3D-Printed Components Now Being Used in Nuclear Power StationsMay 30, 2020 by Ben Stepanian
Westinghouse Electric Company is turning to additive manufacturing to develop new components used in nuclear power generation.
Westinghouse Electric is a pioneer in the railroad and energy industry. A core developer in AC current electricity and power distribution, Westinghouse looks to a new frontier of technology to integrate into the modern nuclear power industry.
Thanks to new technology in 3D printing, Westinghouse Electric announced on recently that they were able to build a stainless steel thimble device used to add fuel assemblies into core reactors in their Byron, Illinois plant.
The trust and consideration of using 3D printing in the industry are beginning to increase, as companies like Westinghouse Electric utilize this method of manufacturing.
Why 3D Printing?
This isn’t your average off-the-shelf SLA style printed gadget, this is a highly detailed and tested device to handle nuclear fuel. With three years of research and development in the device, Westinghouse Electric was able to make 316L Stainless Steel parts using a powder bed fusion process. Powder bed fusion is an additive manufacturing method that uses a laser to solidify an object in a container of powder, layer by layer up to about 1400℃.
This revolutionary method is en route to rendering expensive injection mold or forging methods obsolete. Additive manufacturing has been proven to make complex, small, and detailed parts that other molding methods could not achieve.
Additive manufacturing has been proven to create parts at a faster and more efficient rate than metal forging techniques that require more effort. A more detailed explanation of the process can help readers further understand this concept.
Future of Westinghouse Electric
As new methods in the industry prove suitable for manufacturing, Westinghouse Electric will continue to research and design 3D printed components. “Westinghouse continues to lead the way with the development of the most advanced technologies to help the world meet growing electricity demand with safe, clean, and reliable energy,” said Ken Canavan, Westinghouse’s chief technology officer.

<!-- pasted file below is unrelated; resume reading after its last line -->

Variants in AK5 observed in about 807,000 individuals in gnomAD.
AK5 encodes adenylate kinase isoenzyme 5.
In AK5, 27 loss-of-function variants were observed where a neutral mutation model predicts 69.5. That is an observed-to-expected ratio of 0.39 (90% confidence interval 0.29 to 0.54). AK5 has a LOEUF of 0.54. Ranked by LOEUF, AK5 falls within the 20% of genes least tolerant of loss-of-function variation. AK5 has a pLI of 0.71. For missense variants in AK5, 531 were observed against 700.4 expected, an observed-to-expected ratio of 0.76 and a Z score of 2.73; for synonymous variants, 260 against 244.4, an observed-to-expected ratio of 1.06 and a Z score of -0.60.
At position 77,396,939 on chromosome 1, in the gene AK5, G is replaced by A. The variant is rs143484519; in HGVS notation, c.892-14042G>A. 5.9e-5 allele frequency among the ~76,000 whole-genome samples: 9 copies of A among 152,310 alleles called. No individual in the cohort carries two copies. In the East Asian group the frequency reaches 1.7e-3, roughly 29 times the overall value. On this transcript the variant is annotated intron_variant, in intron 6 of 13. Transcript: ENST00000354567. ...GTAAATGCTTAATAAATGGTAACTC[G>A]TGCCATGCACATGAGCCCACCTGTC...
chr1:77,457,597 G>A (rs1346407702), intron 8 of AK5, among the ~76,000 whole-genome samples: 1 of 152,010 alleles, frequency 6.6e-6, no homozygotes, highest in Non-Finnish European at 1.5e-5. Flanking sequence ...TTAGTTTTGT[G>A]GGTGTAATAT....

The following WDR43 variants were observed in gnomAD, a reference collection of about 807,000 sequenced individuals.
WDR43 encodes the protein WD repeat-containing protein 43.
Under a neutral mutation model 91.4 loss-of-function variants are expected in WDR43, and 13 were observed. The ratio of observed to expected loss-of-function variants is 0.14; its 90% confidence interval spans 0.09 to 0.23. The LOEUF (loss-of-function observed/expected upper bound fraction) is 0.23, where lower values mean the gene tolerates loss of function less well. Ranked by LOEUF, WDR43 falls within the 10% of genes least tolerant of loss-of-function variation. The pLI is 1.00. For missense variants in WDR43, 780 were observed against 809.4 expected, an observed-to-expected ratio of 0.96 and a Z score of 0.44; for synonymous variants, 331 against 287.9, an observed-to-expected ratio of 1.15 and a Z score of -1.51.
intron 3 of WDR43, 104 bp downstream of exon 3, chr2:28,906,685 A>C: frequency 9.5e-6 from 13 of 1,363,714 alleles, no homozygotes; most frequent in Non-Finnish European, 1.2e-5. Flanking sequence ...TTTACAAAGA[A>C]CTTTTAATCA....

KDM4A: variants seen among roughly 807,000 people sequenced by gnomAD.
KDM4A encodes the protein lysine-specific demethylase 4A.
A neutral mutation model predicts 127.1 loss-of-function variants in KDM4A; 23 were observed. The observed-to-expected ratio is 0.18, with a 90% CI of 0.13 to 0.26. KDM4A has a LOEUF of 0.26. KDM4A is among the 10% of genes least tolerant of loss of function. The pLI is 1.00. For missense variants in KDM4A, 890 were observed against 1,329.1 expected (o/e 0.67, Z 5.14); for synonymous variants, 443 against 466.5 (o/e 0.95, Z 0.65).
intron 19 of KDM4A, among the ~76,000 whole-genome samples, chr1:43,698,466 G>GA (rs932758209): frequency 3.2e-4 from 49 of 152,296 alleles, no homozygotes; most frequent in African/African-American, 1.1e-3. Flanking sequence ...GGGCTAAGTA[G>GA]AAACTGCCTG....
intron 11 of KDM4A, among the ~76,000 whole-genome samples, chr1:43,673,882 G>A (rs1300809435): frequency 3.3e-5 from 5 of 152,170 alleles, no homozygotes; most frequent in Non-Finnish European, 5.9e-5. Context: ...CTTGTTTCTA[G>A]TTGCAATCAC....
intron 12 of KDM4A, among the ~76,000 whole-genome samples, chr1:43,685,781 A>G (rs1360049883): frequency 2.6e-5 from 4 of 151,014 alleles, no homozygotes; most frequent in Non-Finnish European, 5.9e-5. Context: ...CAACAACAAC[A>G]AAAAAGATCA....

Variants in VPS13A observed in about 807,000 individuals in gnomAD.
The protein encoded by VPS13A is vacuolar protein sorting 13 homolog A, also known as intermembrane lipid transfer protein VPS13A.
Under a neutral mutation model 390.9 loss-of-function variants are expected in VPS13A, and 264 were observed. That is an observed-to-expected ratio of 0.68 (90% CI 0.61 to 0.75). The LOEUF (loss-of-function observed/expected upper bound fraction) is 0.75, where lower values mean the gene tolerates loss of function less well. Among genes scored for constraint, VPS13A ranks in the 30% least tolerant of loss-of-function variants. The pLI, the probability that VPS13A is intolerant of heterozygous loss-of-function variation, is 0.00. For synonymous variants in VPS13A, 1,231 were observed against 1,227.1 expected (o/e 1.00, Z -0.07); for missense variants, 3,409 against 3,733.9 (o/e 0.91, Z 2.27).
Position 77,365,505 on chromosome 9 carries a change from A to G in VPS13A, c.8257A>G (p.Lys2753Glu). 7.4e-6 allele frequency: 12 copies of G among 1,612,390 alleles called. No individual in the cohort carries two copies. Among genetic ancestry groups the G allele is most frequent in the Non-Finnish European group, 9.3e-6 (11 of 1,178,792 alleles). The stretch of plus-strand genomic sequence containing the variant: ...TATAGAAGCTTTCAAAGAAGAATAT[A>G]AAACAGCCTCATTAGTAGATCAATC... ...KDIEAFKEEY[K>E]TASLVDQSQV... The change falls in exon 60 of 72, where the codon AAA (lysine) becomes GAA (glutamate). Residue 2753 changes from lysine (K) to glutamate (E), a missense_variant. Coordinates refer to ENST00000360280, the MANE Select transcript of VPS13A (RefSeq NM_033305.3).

Thimble plugging device 3D printed by Westinghouse. Image used courtesy of Westinghouse Electric.
“Our additive manufacturing program offers customers enhanced component designs that help increase performance and reduce costs, as well as provide access to components that may not be available using traditional manufacturing methods.”
Though a powder bed fusion machine could cost upward to $800,000, it is an investment that can guarantee its profit return due to the low energy use and higher demands for 3D printed components. Unlike an injection molding machine, this process uses a concentrated heat source to create a part by layer rather than all at once.
Powder bed fusion also creates parts with precise repeatability and very tight tolerances that compete with injection molding machines.
Westinghouse Electric Innovations
Through the use of powder ped fusion, Westinghouse Electric is able to recreate obsolete parts that would otherwise be impossible to find, or too expensive to build the original tooling for. Along with powder bed fusion, Westinghouse Electric is now offering new capabilities to satisfy customer demands.
Westinghouse Electric Company, pioneering additive manufacturing in the nuclear industry, is the first company to test materials for this process such as 316L stainless steel, alloy 718 nickel-chromium, and zirconium specimens for printing.
Westinghouse Electric is also a major contributor to the development of “hot-wire laser welding” which is a process that requires less material, less time, and provides a weld that is more accurate and precise than traditional arc welding.
Westinghouse is also offering a service called “cold spray coatings” which is a chemical deposition process that coats parts to effectively prevent degradation and oxidation.